Profile: Alex Brand
by Guest Author on 13 Jul 2012
Alex Brand of the University of Aberdeen studies how a fungus called Candida albicans navigates around the body. She told Katherine Nightingale about how her interest in science was piqued down on the farm and — for her, at least — scientific life began at 40.
Some people get into science because of an inspiring teacher, others due to an insatiable curiosity to find out how the world works. Alex Brand got into science because she bought a small farm.
The farm was in Scotland, where Alex and her husband were posted with his job in the oil industry. It was the latest in a string of placements that had taken them all over the world — and Alex through a series of jobs from announcing the sports news in Indonesia to running a poster agency in Qatar.
“I’d left school with secretarial qualifications in the days when very few people went to university, but I still had a really enjoyable and varied career in lots of different fields,” says Alex.
Running a farm requires a surprising amount of science, from checking the water supply for nitrates and other pollutants to diagnosing disease in livestock.
Partly due to the cost of diagnostics, Alex decided to do this work herself. She borrowed an old microscope from the University of Aberdeen and was soon trading access to samples from the farm with training in microscopy and identifying pathogens from the university’s lecturers.
From interest to vocation
At the suggestion of one of the lecturers, Alex signed up to do a university Access course and in 1996 started a biochemistry degree at Aberdeen aged 40.
“Within a very short time I realised that biochemistry in particular was just amazing. So much had been discovered since I took chemistry and biology at school … it was just mind-blowing,” says Alex.
Alex “worked her socks off” during her degree, gaining a First followed by a PhD in microbiology, during which time she studied the cell wall of the fungus, Candida albicans.
She’s stuck with C. albicans and in 2009 and 2010, respectively, received a Royal Society University Research Fellowship and an MRC New Investigator Grant, which have allowed her to set up her own research team and lab. C. albicans produces long filaments called hyphae, and her team looks at how these hyphae grow through human body tissue and navigate their way around.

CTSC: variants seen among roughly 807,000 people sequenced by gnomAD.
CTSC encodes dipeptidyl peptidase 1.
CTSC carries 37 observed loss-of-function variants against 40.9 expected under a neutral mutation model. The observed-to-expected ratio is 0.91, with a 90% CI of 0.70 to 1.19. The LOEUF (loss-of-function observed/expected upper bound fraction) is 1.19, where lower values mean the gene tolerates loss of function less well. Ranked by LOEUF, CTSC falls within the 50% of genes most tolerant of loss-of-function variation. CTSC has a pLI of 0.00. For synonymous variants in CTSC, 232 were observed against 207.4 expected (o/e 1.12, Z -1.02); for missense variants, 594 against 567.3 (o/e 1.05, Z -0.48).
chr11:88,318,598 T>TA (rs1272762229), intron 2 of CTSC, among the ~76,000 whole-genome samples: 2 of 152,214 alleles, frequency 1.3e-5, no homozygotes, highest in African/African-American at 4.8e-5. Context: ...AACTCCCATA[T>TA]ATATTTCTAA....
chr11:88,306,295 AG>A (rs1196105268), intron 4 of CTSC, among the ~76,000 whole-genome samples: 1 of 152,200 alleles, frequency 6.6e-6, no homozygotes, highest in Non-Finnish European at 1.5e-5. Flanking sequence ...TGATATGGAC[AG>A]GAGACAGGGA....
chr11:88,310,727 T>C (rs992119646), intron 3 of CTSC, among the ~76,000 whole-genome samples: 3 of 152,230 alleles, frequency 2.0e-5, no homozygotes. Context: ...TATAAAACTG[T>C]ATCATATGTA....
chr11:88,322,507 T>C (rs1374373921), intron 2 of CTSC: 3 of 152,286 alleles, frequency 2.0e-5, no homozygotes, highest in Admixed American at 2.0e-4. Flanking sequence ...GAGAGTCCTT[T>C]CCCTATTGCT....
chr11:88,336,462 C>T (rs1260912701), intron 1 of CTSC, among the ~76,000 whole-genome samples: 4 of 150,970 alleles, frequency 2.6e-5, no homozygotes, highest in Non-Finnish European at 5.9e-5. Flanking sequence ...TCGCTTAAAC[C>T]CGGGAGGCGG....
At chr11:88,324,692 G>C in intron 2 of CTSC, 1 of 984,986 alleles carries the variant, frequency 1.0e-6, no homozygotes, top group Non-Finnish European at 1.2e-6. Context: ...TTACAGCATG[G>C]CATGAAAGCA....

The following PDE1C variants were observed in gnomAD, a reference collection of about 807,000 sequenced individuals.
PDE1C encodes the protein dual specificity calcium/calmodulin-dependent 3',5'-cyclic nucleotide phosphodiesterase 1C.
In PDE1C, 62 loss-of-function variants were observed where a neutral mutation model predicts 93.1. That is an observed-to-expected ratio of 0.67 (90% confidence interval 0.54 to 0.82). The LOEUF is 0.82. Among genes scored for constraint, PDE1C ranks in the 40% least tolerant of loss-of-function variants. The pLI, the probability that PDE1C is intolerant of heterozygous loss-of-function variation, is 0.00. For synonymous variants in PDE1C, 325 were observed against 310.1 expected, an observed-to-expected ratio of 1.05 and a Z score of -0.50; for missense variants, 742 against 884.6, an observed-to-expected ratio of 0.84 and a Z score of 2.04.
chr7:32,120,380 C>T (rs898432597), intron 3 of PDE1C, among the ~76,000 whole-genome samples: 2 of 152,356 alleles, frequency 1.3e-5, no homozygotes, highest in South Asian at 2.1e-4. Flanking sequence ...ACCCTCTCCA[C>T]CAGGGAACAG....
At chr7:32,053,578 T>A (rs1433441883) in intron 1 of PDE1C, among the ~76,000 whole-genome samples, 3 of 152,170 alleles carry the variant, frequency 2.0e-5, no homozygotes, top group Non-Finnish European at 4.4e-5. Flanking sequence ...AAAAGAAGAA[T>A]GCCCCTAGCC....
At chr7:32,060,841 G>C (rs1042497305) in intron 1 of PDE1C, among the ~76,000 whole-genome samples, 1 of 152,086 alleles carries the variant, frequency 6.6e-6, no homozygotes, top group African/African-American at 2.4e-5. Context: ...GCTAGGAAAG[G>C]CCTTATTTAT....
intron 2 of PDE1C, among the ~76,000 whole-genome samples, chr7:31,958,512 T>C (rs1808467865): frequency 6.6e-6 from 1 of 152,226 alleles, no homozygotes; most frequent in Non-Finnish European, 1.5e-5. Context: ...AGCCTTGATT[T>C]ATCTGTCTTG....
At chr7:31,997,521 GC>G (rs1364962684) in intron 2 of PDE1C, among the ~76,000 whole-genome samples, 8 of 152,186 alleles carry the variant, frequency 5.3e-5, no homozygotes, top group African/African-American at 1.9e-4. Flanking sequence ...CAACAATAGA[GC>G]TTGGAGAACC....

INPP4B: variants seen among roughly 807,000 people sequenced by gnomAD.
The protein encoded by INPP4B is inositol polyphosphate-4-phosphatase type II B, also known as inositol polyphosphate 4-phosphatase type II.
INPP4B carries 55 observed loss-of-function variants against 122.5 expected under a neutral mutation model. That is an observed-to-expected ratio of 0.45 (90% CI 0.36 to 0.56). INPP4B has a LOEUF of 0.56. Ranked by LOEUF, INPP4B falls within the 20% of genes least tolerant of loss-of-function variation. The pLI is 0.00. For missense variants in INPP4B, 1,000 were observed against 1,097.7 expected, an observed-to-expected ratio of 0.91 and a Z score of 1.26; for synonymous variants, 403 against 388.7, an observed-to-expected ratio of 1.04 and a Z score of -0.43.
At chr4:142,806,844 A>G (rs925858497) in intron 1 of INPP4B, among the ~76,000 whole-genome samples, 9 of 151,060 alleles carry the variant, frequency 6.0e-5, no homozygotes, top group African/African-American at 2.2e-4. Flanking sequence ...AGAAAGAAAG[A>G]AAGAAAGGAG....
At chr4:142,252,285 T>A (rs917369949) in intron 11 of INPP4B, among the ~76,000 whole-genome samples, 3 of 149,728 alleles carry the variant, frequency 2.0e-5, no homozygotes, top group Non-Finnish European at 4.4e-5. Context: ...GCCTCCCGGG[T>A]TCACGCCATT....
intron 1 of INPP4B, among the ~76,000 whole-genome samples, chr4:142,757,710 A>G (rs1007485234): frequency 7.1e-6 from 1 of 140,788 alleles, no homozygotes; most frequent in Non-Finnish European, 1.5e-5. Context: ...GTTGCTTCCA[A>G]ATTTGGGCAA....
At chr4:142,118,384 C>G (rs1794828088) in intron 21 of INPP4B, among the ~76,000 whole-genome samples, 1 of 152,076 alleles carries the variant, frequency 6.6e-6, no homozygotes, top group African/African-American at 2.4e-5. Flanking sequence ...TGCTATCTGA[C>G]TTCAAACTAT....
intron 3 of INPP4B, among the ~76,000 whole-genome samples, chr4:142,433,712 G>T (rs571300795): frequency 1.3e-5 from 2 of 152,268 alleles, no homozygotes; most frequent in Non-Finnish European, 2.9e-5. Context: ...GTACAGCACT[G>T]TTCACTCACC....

Candida albicans lives in around 80 per cent of people without causing any problem. But when a person has a weakened immune system, because of an immune-suppressing illness such as HIV infection or from taking immune-suppressing drugs for an organ transplant, the immune system isn’t strong enough to keep the fungus in check.
“The fungus can pose a threat once in the bloodstream,” says Alex. “Contact with factors in the blood cause it to switch from spherical yeast-like growth to its filamentous form. Hyphae stick to blood vessel walls and then burrow down into tissues in an effort to evade the immune system and search for nutrients.”
This kind of infection kills around 40 per cent of people who get it, invading major organs and causing septicaemia, a hyper-active immune response to the fungus. In the UK, more people die from candidiasis than from MRSA every year, says Alex.
Alex and her team study the chemical and physical cues in the environment that control how the hyphae grow and navigate, with the aim of finding new targets for drugs against C. albicans. It is difficult to treat fungal infections and Alex hopes her research will contribute to two-pronged therapies that target parts of the fungus such as components of the cell wall, as well as inhibiting the penetrating growth of filaments.
“If we can understand the basic ways that filaments steer, then we can target that function in combination with the therapies that other researchers are developing,” says Alex.
Making the change
Alex thinks her unorthodox career has given her a can-do attitude to her research.
“I’ve got so many ideas, both in terms of the university and what I want to do with my research. I feel as if I’ve only just started.”
And does she wish she’d started in science earlier? “No, because I’ve had a really exciting life and I’ve done some amazing things. I always wanted to explore the world and science is a fantastic career for constantly discovering new things about the way it works,” she says.
Alex had to sell her livestock in the end and, for now at least, it looks like her globetrotting days are on hold. When her husband was posted to the Netherlands for two years in 2009, Alex stayed put. “I said, ‘I’ve got this far, I’m staying here and developing my career,’” she recalls. “He’s back now and my research group has grown, so that was the right decision!”